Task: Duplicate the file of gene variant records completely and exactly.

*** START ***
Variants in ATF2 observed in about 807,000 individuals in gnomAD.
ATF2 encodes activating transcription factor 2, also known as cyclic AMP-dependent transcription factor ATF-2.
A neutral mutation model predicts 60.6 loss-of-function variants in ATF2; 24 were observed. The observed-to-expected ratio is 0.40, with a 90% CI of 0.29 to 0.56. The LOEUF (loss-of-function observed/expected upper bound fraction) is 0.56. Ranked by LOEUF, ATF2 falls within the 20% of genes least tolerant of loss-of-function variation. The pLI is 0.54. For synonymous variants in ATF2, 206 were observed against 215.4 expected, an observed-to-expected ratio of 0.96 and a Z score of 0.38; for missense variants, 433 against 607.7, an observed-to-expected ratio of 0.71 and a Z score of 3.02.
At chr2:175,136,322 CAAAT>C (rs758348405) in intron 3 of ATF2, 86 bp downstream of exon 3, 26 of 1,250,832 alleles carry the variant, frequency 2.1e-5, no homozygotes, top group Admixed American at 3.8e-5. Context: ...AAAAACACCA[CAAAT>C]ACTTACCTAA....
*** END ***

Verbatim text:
Variants in ATF2 observed in about 807,000 individuals in gnomAD.
ATF2 encodes activating transcription factor 2, also known as cyclic AMP-dependent transcription factor ATF-2.
A neutral mutation model predicts 60.6 loss-of-function variants in ATF2; 24 were observed. The observed-to-expected ratio is 0.40, with a 90% CI of 0.29 to 0.56. The LOEUF (loss-of-function observed/expected upper bound fraction) is 0.56. Ranked by LOEUF, ATF2 falls within the 20% of genes least tolerant of loss-of-function variation. The pLI is 0.54. For synonymous variants in ATF2, 206 were observed against 215.4 expected, an observed-to-expected ratio of 0.96 and a Z score of 0.38; for missense variants, 433 against 607.7, an observed-to-expected ratio of 0.71 and a Z score of 3.02.
At chr2:175,136,322 CAAAT>C (rs758348405) in intron 3 of ATF2, 86 bp downstream of exon 3, 26 of 1,250,832 alleles carry the variant, frequency 2.1e-5, no homozygotes, top group Admixed American at 3.8e-5. Context: ...AAAAACACCA[CAAAT>C]ACTTACCTAA....